By John Belamaric. Originally posted on

We are pleased to announce the release of CoreDNS-1.0.0!

Release 1.0.0 and other recent releases have focused on improving the performance and functionality of the kubernetes plugin, since CoreDNS is now on track to eventually replace kube-dns as the default cluster DNS in Kubernetes.

As part of the Kubernetes proposal, we have shown that CoreDNS not only provides more functionality than kube-dns, but performs much better while using less memory. In our tests, CoreDNS running against a cluster with 5000 services was able to process 18,000 queries per second using 73MB of RAM, while kube-dns achieved 7,000qps using 97MB of RAM. This can be partial ascribed to CoreDNS simpler runtime – a single process instead of a combination of several processes.

CoreDNS also implements a number of Kubernetes-related features that are not part of kube-dns, including:

  • Filtering of records by namespace
  • Filtering of records by label selector
  • pods verified mode, which ensures that a Pod exists before returning an answer for a pod.cluster.local query
  • endpoint_pod_names which uses Pod names for service endpoint records if the hostname is not set
  • autopath which provides a server-side implementation of the namespace-specific search path. This can cut down the query latency from pods dramatically.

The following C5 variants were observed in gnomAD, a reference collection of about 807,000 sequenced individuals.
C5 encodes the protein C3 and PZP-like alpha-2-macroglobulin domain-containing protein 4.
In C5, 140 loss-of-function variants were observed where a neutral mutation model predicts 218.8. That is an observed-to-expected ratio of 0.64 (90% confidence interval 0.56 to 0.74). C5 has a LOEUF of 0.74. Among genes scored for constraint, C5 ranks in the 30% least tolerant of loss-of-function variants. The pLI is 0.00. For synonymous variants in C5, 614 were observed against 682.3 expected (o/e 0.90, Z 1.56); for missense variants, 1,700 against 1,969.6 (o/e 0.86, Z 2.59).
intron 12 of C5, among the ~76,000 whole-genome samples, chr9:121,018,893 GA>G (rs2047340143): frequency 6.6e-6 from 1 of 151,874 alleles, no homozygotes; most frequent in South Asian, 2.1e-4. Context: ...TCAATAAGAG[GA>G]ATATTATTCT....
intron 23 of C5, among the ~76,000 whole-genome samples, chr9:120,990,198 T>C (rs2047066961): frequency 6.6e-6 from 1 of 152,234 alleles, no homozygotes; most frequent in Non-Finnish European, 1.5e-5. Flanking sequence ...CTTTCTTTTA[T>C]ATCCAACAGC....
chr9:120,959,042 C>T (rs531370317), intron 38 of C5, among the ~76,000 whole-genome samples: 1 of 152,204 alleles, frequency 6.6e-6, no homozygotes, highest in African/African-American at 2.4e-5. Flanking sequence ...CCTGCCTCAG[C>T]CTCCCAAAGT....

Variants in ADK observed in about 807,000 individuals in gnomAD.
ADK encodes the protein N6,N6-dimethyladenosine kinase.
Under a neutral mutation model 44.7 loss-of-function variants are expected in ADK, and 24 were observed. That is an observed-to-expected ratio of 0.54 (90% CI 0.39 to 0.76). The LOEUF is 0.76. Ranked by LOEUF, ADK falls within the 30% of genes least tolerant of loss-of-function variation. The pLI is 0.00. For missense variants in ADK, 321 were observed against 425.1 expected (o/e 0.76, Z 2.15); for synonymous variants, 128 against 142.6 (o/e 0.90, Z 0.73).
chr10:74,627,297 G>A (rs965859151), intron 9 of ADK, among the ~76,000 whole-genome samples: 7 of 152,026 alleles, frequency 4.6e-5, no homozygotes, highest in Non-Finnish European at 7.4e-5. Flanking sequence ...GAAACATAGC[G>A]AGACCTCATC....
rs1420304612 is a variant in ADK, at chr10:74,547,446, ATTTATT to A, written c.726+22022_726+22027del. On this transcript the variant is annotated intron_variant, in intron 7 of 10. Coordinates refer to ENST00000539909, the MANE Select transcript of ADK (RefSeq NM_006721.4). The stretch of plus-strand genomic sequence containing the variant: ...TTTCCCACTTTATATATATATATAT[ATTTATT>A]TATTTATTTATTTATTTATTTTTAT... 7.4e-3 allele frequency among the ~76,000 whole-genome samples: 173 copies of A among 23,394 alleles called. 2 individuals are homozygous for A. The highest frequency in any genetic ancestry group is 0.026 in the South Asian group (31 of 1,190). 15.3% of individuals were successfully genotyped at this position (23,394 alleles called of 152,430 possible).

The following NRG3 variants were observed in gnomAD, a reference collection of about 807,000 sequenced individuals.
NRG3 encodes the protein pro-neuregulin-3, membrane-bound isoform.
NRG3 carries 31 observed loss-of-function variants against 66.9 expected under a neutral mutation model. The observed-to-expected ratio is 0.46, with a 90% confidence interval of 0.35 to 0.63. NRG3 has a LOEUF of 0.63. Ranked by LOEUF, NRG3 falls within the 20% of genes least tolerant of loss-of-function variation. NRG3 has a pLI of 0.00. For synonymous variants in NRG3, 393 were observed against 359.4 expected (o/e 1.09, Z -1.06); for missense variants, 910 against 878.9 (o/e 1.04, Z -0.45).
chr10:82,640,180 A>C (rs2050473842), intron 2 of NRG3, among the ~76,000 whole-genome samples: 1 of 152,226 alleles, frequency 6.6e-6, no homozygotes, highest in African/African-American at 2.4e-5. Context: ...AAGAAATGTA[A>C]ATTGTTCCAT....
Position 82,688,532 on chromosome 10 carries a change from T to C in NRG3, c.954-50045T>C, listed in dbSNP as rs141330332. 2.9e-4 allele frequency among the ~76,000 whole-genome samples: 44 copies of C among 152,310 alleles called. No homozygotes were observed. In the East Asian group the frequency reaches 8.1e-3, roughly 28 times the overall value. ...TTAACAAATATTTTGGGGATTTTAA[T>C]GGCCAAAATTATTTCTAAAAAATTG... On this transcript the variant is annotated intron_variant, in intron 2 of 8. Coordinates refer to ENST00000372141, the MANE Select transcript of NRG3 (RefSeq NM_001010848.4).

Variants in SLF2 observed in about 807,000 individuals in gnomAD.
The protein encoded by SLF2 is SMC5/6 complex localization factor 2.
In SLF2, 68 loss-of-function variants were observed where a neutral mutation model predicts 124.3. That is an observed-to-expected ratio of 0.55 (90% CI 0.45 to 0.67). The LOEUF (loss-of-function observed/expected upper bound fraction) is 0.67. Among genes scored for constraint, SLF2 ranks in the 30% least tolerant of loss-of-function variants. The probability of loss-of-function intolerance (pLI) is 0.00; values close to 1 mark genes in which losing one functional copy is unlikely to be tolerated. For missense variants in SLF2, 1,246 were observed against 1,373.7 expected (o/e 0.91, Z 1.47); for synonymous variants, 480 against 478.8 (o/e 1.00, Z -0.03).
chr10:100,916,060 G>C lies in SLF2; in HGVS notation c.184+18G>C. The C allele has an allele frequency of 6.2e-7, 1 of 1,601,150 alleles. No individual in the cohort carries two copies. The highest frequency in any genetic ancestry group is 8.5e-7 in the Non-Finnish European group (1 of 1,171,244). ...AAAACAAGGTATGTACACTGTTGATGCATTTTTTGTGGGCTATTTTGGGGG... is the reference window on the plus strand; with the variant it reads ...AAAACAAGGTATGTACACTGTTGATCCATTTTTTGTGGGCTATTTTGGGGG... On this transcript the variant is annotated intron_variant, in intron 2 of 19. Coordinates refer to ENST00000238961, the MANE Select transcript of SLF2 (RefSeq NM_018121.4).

As a general-purpose DNS server, CoreDNS also enables many other use cases that would be difficult or impossible to achieve with kube-dns, such as the ability to create custom DNS entries.

We are excited to continue our contributions to the Kubernetes community, and CoreDNS is being incorporated as a 1.9 alpha feature into a variety of Kubernetes deployment mechanisms, including upcoming versions of kubeadm, kops, minikube, and kubespray.

Of course, there is more to 1.0.0 than just the Kubernetes work. See below for the details on all the changes.


  • Fixed a bug in the gRPC server that prevented dnstap from working with it.
  • Additional fuzz testing to ferret out obscure bugs.
  • Documentation and configuration cleanups.


  • log no longer accepts stdout in the configuration (use of a file was removed in a previous release). All logging is always to STDOUT. This is a backwards incompatible change, so be sure to check your Corefile for this.
  • health now checks plugins that support it for health and reflects that in the server health.
  • kubernetes now shows healthy only after the initial API sync is complete.
  • kubernetes has bug fixes and performance improvements.
  • kubernetes now has an option to use pod names instead of IPs in service endpoint records when the hostname is not set.
  • metrics have been revised to provide better histograms. You will need to change your Prometheus queries as metric names have changed to comply with Prometheus best practices.
  • erratic now supports the health check.


The following people helped with getting this release done: Andy Goldstein, Ben Kochie, Brian Akins, Chris O’Haver, Christian Nilsson, John Belamaric, Max Schmitt, Michael Grosser, Miek Gieben, Ruslan Drozhdzh, Uladzimir Trehubenka, Yong Tang.

If you want to help, please check out one of the issues and start coding!

For documentation and help, see our community page.

John Belamaric
Published: and tagged 1.0.0, Notes and Release using 503 words.